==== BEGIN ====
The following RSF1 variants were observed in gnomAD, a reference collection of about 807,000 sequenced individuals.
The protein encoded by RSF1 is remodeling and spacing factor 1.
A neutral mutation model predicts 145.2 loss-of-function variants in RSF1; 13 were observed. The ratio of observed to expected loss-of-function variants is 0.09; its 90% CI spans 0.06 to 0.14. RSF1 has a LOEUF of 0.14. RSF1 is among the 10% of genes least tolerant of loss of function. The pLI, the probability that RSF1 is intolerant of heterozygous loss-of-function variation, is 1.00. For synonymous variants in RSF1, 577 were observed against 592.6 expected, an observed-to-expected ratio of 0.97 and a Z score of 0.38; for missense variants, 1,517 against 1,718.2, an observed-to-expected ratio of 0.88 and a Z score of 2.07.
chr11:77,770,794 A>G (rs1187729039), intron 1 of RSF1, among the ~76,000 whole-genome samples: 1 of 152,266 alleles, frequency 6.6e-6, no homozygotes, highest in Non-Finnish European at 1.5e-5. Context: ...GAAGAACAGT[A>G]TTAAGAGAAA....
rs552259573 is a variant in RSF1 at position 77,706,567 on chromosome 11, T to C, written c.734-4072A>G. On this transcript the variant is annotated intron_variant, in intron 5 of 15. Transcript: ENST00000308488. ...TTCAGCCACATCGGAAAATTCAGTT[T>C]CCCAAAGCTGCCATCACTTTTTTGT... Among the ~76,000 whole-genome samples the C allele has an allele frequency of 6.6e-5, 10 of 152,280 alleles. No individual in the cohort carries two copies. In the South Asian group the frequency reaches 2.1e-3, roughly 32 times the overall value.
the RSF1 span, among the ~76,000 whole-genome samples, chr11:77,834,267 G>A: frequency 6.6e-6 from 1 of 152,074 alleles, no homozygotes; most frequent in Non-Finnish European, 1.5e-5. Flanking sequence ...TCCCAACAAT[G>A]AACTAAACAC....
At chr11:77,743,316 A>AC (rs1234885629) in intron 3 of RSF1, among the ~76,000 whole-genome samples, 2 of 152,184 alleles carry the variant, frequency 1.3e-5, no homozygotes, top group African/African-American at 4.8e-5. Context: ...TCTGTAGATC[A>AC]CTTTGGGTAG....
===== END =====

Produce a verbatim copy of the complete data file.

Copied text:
The following RSF1 variants were observed in gnomAD, a reference collection of about 807,000 sequenced individuals.
The protein encoded by RSF1 is remodeling and spacing factor 1.
A neutral mutation model predicts 145.2 loss-of-function variants in RSF1; 13 were observed. The ratio of observed to expected loss-of-function variants is 0.09; its 90% CI spans 0.06 to 0.14. RSF1 has a LOEUF of 0.14. RSF1 is among the 10% of genes least tolerant of loss of function. The pLI, the probability that RSF1 is intolerant of heterozygous loss-of-function variation, is 1.00. For synonymous variants in RSF1, 577 were observed against 592.6 expected, an observed-to-expected ratio of 0.97 and a Z score of 0.38; for missense variants, 1,517 against 1,718.2, an observed-to-expected ratio of 0.88 and a Z score of 2.07.
chr11:77,770,794 A>G (rs1187729039), intron 1 of RSF1, among the ~76,000 whole-genome samples: 1 of 152,266 alleles, frequency 6.6e-6, no homozygotes, highest in Non-Finnish European at 1.5e-5. Context: ...GAAGAACAGT[A>G]TTAAGAGAAA....
rs552259573 is a variant in RSF1 at position 77,706,567 on chromosome 11, T to C, written c.734-4072A>G. On this transcript the variant is annotated intron_variant, in intron 5 of 15. Transcript: ENST00000308488. ...TTCAGCCACATCGGAAAATTCAGTT[T>C]CCCAAAGCTGCCATCACTTTTTTGT... Among the ~76,000 whole-genome samples the C allele has an allele frequency of 6.6e-5, 10 of 152,280 alleles. No individual in the cohort carries two copies. In the South Asian group the frequency reaches 2.1e-3, roughly 32 times the overall value.
the RSF1 span, among the ~76,000 whole-genome samples, chr11:77,834,267 G>A: frequency 6.6e-6 from 1 of 152,074 alleles, no homozygotes; most frequent in Non-Finnish European, 1.5e-5. Flanking sequence ...TCCCAACAAT[G>A]AACTAAACAC....
At chr11:77,743,316 A>AC (rs1234885629) in intron 3 of RSF1, among the ~76,000 whole-genome samples, 2 of 152,184 alleles carry the variant, frequency 1.3e-5, no homozygotes, top group African/African-American at 4.8e-5. Context: ...TCTGTAGATC[A>AC]CTTTGGGTAG....